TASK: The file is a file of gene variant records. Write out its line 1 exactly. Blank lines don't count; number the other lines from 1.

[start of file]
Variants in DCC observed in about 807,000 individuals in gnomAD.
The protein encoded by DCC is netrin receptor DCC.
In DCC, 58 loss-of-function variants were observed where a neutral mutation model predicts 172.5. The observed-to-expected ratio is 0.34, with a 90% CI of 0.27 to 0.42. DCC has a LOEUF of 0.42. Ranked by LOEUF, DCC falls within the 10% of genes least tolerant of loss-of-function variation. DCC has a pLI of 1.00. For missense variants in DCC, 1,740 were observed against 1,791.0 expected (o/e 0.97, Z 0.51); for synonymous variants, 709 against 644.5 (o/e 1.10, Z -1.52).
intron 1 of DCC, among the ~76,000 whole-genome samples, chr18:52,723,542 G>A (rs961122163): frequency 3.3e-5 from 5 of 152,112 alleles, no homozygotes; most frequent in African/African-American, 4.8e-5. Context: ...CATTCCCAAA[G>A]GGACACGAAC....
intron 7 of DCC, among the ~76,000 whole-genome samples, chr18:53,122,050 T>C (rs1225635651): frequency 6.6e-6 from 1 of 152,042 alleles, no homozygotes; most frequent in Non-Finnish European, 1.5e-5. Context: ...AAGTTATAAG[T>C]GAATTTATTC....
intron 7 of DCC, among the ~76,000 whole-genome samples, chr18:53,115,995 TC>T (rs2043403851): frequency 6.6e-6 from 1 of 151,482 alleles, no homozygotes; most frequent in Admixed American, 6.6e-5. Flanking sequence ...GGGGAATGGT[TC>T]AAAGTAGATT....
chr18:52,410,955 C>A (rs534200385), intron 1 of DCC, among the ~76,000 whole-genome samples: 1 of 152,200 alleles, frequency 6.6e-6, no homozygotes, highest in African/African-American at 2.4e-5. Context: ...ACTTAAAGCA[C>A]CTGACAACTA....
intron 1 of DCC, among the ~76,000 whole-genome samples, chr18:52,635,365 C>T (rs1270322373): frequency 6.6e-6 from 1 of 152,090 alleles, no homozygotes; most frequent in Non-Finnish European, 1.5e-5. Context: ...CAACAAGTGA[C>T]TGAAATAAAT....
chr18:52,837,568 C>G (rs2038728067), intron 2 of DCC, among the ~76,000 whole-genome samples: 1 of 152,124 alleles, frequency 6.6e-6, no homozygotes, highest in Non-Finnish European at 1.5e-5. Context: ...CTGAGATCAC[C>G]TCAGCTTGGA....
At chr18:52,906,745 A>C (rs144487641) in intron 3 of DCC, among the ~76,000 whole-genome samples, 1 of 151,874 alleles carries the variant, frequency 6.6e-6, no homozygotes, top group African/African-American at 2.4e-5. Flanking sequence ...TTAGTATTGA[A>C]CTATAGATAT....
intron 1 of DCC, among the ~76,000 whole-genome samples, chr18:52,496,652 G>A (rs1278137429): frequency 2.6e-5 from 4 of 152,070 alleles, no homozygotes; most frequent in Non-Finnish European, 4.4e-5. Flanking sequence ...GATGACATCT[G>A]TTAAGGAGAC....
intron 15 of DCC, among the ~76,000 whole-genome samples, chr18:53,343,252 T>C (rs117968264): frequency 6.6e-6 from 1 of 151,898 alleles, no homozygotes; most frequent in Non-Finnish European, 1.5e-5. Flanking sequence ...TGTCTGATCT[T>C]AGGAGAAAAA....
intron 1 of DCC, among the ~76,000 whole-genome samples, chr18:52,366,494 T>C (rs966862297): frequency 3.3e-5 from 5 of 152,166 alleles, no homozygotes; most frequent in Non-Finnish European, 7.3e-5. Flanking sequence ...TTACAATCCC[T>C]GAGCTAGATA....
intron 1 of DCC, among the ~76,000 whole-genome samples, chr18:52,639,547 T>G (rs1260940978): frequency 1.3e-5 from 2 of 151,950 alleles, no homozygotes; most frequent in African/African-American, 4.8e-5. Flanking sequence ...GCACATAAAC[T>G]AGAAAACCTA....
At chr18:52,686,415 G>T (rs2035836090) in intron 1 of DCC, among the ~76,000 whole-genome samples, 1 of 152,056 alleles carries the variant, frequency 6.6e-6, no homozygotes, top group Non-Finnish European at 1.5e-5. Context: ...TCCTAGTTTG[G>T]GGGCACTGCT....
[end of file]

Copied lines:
Variants in DCC observed in about 807,000 individuals in gnomAD.